CMMC is one of the most important compliance standards to come along in the modern digital age. One could argue that is among the most complex as well. The DOD is demanding contractors to endure a rigid assessment process that technically, has never been conducted before. What’s more, CMMC is very much a work in process. Some of the specifics are currently being formalized in the federal rulemaking process, while training courses are being provided to ensure the program can field a serviceable number of assessment and certification professionals.
The book on CMMC is still being written. That said, optimal preparation is invaluable. This section will cover the groundwork to make sure you’re ready for the audit process.
Tend to Your Data Environment
The first task on the agenda is taking an exhaustive look at your IT environment. You need to determine which sets of data are relevant to the CMMC scope, as well as the systems responsible for processing, transmitting, and storing that information.
The protected data or CUI, covers a broad range of information, including IT assets related to the following areas:
- Campaign funds
- Criminal records
- Electronic funds transfers
- Federal tax payers
- Foreign intelligence
- Physical security operations
- Patent applications
While CMMC prioritizes confidential information in non-government systems, contractors may possess data that intersects with existing government data at various points across their infrastructure. Careful analysis of your environment will go a long way in setting the tone for a relatively clean audit procedure.
Follow Established Roadmaps
There is no single silver bullet to ensure impenetrable cyber security. As such, guidelines tend to share characteristics from one compliance standard to the next. Contractors targeting CMMC certification would be wise to consider how and what they can borrow from existing compliance standards. The most obvious example is the framework CMMC is designed to usurp — NIST SP 800-171. Although the standard left plenty to be desired in the way of uniformity, NIST SP 800-171 provides specific guidelines for handling CUI in non-government systems, which is the basis of CMMC.
Implementing security measures culled from NIST SP 800-171 or other regulatory standards will not guarantee CMMC compliance. However, the practices preached in those programs may very well ease the transition along the road to certification. Take the time to review any existing compliance programs with potentially reciprocal criteria. At the very least, the knowledge gleaned from those assessments can give you a better understanding of the CMMC auditing process.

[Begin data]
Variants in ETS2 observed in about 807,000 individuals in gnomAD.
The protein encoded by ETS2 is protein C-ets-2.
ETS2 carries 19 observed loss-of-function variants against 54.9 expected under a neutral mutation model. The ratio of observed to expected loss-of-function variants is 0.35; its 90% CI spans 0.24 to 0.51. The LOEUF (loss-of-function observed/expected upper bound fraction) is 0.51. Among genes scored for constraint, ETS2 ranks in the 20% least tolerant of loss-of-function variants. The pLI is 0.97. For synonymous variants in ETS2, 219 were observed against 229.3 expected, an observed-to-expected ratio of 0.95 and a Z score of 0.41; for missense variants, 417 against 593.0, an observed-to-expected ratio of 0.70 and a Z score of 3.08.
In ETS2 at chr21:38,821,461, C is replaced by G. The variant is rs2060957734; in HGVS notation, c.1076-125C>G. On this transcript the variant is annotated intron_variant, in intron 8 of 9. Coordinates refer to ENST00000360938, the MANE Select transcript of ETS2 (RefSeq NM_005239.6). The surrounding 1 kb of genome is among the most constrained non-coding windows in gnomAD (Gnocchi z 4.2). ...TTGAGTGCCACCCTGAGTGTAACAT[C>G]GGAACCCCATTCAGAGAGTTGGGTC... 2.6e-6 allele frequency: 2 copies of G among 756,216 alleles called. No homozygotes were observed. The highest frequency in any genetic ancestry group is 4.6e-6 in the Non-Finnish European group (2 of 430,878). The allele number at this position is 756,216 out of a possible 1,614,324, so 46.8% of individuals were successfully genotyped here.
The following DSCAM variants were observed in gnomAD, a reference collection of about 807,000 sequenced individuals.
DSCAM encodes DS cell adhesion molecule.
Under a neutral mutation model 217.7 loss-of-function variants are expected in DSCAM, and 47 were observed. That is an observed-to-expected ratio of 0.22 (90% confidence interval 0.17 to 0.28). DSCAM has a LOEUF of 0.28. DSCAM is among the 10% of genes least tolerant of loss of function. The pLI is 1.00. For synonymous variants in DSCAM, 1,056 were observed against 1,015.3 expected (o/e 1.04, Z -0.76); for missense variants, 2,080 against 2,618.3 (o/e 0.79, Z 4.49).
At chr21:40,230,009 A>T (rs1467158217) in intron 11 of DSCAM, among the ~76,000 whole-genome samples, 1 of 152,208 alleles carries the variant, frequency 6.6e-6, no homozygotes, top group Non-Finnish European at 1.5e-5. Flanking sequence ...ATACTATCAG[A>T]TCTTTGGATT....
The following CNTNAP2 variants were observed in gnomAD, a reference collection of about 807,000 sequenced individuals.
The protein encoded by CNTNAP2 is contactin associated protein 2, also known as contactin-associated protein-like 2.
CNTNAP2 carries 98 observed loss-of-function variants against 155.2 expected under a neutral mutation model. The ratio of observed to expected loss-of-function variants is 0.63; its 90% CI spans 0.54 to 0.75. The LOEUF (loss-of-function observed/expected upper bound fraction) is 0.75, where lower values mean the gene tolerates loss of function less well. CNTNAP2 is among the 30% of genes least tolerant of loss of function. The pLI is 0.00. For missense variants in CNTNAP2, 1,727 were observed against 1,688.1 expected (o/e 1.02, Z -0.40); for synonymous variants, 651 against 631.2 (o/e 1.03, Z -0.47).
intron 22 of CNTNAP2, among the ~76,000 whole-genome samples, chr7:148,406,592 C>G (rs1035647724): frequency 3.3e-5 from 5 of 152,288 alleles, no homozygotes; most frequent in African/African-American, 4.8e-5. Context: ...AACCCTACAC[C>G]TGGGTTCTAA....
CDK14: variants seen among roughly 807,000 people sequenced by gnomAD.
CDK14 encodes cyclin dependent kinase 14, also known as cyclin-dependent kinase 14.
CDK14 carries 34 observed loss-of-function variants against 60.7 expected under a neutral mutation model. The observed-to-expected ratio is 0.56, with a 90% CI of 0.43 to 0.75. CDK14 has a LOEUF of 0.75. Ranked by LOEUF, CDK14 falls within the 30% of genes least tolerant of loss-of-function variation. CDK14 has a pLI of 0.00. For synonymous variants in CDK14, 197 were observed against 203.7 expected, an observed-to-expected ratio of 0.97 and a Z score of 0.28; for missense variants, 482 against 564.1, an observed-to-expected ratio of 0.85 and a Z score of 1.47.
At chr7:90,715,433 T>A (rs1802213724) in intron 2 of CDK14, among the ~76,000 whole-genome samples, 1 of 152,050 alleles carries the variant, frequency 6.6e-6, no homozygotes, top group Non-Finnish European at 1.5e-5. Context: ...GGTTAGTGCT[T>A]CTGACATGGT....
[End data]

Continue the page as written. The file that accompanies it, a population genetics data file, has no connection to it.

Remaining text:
Assess Your Preparedness
Considering the sensitivity of government business, there’s a great chance that DOD contractors have already implemented many of the essential security measures CMMC certification requires. Nevertheless, it’s vital to understand your level of preparedness before heading into an audit.
An internal evaluation should assess your readiness in the following areas:
Roles and responsibilities: Who manages IT security in your organization? Is senior management involved in the process? If so, to what degree? How often does IT security personnel assess your level of risk?
IT security: How does your IT security team monitor the network to detect and remediate potential vulnerabilities? What controls have been implemented to protect the environment in the event that threats are detected?
Access control: Who has access to CUI across your organization? What measures have been taken to prevent unauthorized access to that data and the systems that house it?
Partner relationships: How do vendor relationships potentially impact your compliance status? Are those partners accounted for in your risk assessment strategy?
Business continuity: Is your company equipped to recover from a security incident or natural disaster? How often is that response plan tested?
Training and education: Does staff understand the security measures implemented to protect the network? Are they actually following the protocols and procedures set in place?
The process of accessing your preparedness should be as extensive as the audit for CMMC certification. Due to the detailed nature it demands, it is advisable to consider bringing in a third-party firm to perform an assessment of the IT environment. An impartial evaluation will help to ensure that you’re ready for the official audit by providing an honest assessment of your cyber security prowess.
Address Identified Problems
The cyber security threat landscape is constantly evolving. Systems that are secure today, might be outdated and vulnerable to new attacks tomorrow. If the assessment yields problem areas that warrant attention, initiative must be taken to remediate them and bring the organization closer to compliance. Filling security holes often calls for additional investments, so it makes sense to estimate what it will cost to address each gap uncovered in the assessment.
Although the cost of CMMC audits may be redeemable after receiving certification and subsequent contract awards, the same cannot be said for the resources you shell out to get there. Consider it money well spent. This is now the price of doing business with the Defense Department, and the cost of non-compliance is more than any contractor is willing to wager.
No Time Like the Present
Recognizing the challenge at hand, the DOD introduced CMMC as a five-year rollout that would give contractors ample time to adapt to the program. Organizations can stay ahead of the curve by making audit preparations as soon as possible. This proactive approach will better assure that you are compliant well before the final deadline rolls around.